Can this David really beat multiple Goliaths?

With humble apologies for the slight tangent, something quite incredible is happening in the English Premier League right now. This time last year, Leicester City were firmly rooted at the bottom of the table and with only nine games to go, they were certainties for relegation. Despite managing to scrape their way through to eventual survival (which was an impressive feat in itself), with relatively minimal expenditure on new players in the summer of 2015, they entered this season as the least favoured team in the entire division and their odds of winning the league were set at 5000-1, which, to give some form of comparison, are precisely the same odds you can get on Elvis being alive.

Well my friends, dust off those blue suede shoes and start believing in the return of the King once again.

With only six games to go, Leicester are seven points clear at the top of the table. A large number of the nineteen clubs below them have, on paper, much better teams. They have spent a lot more money for starters. They have more experienced coaches. They have a much wider fan base and therefore generate a much higher revenue. They have so called world-class players that have been brought in from across the globe with a pedigree to enable them to win things for their employers. And yet the Leicester City juggernaut continues to roll, but (spoiler alert) unlike the film “Duel”, this truck does not look remotely likely to fall off a cliff*.

So, Phil, with this of course being (mildly) interesting (to you), why on earth is this relevant to this blog?

Well, I couldn’t help but read Oliver’s message from the Emerging Manager’s Forum and think there is actually a comparison to be made here. Whilst it goes without saying that those managers who have access to the deepest resources, the very best management, the stellar principals, the most high-tech infrastructure and the widest market spread set themselves up for having the best possible chance of success, there is absolutely no reason that the smaller, emerging manager cannot take a leaf out of Leicester City’s book. They have brought in a manager who has a clear vision as to how the club should be run. They have invested prudently and wisely within their means and ensured that they have a structure that allows the vision to flourish. When you combine that with an incredible level of hard work, a sprinkling of good fortune and a belief that they can achieve something special, they are suddenly able to take on the very best in their industry.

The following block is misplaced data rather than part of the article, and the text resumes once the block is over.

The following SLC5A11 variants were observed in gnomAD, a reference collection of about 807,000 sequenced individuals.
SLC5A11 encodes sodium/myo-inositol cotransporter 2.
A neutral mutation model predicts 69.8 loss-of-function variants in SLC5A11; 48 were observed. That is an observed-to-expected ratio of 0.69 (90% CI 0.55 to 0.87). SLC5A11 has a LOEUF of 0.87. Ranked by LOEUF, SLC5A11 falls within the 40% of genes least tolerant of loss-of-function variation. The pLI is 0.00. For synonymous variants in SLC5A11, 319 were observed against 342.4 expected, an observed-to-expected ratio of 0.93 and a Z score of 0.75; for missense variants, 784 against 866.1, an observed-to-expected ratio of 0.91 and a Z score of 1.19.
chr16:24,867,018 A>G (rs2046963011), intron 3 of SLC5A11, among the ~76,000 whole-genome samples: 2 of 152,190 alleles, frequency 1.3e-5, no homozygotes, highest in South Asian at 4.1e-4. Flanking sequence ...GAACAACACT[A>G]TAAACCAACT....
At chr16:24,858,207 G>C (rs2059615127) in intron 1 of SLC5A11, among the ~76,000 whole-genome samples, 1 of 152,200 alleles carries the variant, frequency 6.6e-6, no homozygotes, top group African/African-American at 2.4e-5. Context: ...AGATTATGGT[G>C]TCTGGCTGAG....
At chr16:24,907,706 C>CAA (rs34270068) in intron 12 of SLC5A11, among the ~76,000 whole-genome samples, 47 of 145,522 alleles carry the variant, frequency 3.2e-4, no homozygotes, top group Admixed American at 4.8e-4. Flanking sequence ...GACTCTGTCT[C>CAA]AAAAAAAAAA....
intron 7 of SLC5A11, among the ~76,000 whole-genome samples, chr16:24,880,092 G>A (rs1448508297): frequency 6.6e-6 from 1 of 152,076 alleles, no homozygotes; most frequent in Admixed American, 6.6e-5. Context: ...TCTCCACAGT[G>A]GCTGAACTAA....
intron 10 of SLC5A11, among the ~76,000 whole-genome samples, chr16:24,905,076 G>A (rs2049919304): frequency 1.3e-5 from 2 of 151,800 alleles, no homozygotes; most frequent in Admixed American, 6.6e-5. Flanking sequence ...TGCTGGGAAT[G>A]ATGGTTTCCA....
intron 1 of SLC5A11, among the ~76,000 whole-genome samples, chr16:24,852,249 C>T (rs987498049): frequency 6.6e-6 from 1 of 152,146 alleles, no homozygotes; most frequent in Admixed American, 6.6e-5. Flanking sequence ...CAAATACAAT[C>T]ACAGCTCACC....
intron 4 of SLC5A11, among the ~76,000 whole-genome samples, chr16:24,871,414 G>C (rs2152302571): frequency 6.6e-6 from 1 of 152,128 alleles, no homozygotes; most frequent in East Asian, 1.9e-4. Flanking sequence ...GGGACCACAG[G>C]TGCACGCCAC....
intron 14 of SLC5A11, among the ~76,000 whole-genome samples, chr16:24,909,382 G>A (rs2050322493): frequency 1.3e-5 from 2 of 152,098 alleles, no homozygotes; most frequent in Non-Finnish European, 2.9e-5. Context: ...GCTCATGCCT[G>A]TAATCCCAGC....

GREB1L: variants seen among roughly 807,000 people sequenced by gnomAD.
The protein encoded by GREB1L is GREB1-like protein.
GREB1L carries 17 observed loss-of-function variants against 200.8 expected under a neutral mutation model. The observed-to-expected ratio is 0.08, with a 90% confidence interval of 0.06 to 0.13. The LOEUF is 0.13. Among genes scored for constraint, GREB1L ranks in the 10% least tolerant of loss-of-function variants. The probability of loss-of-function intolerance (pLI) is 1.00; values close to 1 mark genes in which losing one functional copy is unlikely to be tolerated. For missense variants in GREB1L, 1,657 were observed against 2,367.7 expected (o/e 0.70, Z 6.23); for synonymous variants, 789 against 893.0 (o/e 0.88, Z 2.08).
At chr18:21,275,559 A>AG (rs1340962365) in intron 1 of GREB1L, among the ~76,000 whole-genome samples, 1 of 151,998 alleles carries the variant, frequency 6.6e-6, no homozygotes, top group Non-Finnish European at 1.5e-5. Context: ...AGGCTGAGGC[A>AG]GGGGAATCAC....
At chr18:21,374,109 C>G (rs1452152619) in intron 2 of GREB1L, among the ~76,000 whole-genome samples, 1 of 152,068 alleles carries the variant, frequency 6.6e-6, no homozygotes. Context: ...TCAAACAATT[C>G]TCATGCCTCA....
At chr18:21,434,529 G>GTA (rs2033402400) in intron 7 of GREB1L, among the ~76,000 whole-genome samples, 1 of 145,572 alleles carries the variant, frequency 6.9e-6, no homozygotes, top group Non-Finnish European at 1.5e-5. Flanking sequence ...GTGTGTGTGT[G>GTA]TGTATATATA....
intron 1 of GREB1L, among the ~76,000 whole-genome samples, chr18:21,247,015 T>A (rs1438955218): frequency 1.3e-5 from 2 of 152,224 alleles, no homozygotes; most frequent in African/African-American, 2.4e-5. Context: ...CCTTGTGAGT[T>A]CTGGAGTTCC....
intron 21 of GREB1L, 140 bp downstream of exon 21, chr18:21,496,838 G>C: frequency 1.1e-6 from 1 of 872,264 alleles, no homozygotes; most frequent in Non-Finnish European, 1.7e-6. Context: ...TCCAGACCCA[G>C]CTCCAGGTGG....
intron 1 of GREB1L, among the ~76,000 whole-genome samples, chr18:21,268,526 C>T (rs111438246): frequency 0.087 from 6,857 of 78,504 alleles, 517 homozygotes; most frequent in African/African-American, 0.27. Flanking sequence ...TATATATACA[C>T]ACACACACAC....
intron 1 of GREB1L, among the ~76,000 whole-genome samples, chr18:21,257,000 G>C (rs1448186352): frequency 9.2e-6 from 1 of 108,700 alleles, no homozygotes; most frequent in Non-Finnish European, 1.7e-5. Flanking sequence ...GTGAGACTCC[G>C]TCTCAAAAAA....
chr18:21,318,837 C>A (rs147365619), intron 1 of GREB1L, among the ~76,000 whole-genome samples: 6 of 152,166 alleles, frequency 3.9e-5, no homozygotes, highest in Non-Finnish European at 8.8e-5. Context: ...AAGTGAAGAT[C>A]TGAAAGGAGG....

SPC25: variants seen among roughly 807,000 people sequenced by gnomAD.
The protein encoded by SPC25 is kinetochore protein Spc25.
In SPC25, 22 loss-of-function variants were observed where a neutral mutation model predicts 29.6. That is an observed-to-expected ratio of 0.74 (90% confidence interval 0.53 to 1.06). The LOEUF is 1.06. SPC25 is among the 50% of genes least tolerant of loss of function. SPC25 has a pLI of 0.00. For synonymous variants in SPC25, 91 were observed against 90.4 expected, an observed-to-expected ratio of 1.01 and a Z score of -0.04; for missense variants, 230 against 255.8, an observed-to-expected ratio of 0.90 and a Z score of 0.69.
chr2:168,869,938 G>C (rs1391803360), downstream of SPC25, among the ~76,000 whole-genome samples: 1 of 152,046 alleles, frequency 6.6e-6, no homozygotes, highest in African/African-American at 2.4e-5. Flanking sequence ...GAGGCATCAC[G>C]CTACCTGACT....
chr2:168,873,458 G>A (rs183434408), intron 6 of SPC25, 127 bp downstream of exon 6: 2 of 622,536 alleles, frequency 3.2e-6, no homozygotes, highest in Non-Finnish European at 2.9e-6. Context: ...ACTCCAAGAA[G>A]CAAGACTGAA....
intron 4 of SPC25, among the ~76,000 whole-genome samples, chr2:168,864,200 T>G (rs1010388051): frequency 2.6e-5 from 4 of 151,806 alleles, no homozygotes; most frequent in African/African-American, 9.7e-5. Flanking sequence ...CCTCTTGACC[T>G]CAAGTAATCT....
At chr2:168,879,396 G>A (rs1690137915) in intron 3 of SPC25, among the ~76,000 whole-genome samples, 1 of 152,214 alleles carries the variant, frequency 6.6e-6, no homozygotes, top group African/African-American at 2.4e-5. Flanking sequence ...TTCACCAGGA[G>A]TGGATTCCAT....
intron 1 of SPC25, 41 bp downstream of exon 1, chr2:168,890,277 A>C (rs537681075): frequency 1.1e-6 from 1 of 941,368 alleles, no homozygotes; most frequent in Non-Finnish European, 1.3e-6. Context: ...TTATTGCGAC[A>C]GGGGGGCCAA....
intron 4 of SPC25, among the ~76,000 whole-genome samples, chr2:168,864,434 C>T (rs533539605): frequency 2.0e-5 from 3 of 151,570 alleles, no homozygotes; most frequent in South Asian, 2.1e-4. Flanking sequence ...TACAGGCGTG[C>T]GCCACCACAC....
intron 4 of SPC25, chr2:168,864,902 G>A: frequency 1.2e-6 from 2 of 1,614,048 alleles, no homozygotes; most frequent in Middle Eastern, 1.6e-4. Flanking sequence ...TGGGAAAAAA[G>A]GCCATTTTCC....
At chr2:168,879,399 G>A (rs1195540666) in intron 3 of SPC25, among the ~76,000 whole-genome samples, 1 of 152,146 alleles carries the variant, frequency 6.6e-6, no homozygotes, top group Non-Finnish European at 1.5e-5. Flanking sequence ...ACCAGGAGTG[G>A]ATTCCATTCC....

So, smaller football clubs, just because you can’t afford Lionel Messi and you don’t have 100,000 people coming to watch you every week, it does not mean that you cannot rise to the top. And as for you emerging managers, just because you are not George Soros and don’t have US$100 billion AUM, it does not mean you cannot find a way to develop your strategy and attract the very best investors. Find your focus, build an infrastructure to appropriately supplement your strategy within the financial boundaries in which you are placed and above all else, believe in yourself and those advisers you have placed around you.

Everything else will follow. Including Elvis.

* This article comes with a huge apology in advance to all of the Leicester City fans whose magical story I have clearly just jinxed.

Philip Graham
Philip is a partner and expert on offshore funds at Harneys who puts his ever increasing grey hairs down to three young children, supporting Liverpool Football Club, and being married. In no particular order.

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